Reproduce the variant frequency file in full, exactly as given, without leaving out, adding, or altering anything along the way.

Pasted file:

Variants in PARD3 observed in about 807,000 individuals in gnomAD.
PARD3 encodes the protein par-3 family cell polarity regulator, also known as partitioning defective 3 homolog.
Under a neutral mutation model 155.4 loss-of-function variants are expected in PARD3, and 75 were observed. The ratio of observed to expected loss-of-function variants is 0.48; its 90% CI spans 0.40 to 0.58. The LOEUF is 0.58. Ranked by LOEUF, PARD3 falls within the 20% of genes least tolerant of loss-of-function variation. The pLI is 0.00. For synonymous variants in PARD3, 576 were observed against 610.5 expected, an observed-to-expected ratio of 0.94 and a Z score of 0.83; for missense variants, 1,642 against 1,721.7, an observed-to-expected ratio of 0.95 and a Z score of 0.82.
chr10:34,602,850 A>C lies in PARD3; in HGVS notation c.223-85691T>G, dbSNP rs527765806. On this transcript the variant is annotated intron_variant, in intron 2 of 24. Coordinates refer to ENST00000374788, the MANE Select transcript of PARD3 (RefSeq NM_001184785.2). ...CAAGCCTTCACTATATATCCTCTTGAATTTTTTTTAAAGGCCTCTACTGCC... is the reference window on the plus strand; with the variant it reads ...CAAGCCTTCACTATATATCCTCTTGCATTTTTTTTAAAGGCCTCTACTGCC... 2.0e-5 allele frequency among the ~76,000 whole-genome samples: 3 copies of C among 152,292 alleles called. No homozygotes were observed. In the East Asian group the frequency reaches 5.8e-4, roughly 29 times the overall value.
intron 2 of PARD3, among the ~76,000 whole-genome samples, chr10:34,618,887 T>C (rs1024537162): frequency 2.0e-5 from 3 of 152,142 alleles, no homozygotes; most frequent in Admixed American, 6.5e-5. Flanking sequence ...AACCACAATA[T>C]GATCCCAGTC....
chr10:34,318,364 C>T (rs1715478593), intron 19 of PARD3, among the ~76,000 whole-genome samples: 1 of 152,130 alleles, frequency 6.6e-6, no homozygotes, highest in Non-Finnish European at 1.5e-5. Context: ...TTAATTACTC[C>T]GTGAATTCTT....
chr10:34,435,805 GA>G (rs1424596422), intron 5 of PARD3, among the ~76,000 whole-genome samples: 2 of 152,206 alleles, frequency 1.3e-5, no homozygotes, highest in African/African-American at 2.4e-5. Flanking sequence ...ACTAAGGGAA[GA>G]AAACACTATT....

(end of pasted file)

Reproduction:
Variants in PARD3 observed in about 807,000 individuals in gnomAD.
PARD3 encodes the protein par-3 family cell polarity regulator, also known as partitioning defective 3 homolog.
Under a neutral mutation model 155.4 loss-of-function variants are expected in PARD3, and 75 were observed. The ratio of observed to expected loss-of-function variants is 0.48; its 90% CI spans 0.40 to 0.58. The LOEUF is 0.58. Ranked by LOEUF, PARD3 falls within the 20% of genes least tolerant of loss-of-function variation. The pLI is 0.00. For synonymous variants in PARD3, 576 were observed against 610.5 expected, an observed-to-expected ratio of 0.94 and a Z score of 0.83; for missense variants, 1,642 against 1,721.7, an observed-to-expected ratio of 0.95 and a Z score of 0.82.
chr10:34,602,850 A>C lies in PARD3; in HGVS notation c.223-85691T>G, dbSNP rs527765806. On this transcript the variant is annotated intron_variant, in intron 2 of 24. Coordinates refer to ENST00000374788, the MANE Select transcript of PARD3 (RefSeq NM_001184785.2). ...CAAGCCTTCACTATATATCCTCTTGAATTTTTTTTAAAGGCCTCTACTGCC... is the reference window on the plus strand; with the variant it reads ...CAAGCCTTCACTATATATCCTCTTGCATTTTTTTTAAAGGCCTCTACTGCC... 2.0e-5 allele frequency among the ~76,000 whole-genome samples: 3 copies of C among 152,292 alleles called. No homozygotes were observed. In the East Asian group the frequency reaches 5.8e-4, roughly 29 times the overall value.
intron 2 of PARD3, among the ~76,000 whole-genome samples, chr10:34,618,887 T>C (rs1024537162): frequency 2.0e-5 from 3 of 152,142 alleles, no homozygotes; most frequent in Admixed American, 6.5e-5. Flanking sequence ...AACCACAATA[T>C]GATCCCAGTC....
chr10:34,318,364 C>T (rs1715478593), intron 19 of PARD3, among the ~76,000 whole-genome samples: 1 of 152,130 alleles, frequency 6.6e-6, no homozygotes, highest in Non-Finnish European at 1.5e-5. Context: ...TTAATTACTC[C>T]GTGAATTCTT....
chr10:34,435,805 GA>G (rs1424596422), intron 5 of PARD3, among the ~76,000 whole-genome samples: 2 of 152,206 alleles, frequency 1.3e-5, no homozygotes, highest in African/African-American at 2.4e-5. Flanking sequence ...ACTAAGGGAA[GA>G]AAACACTATT....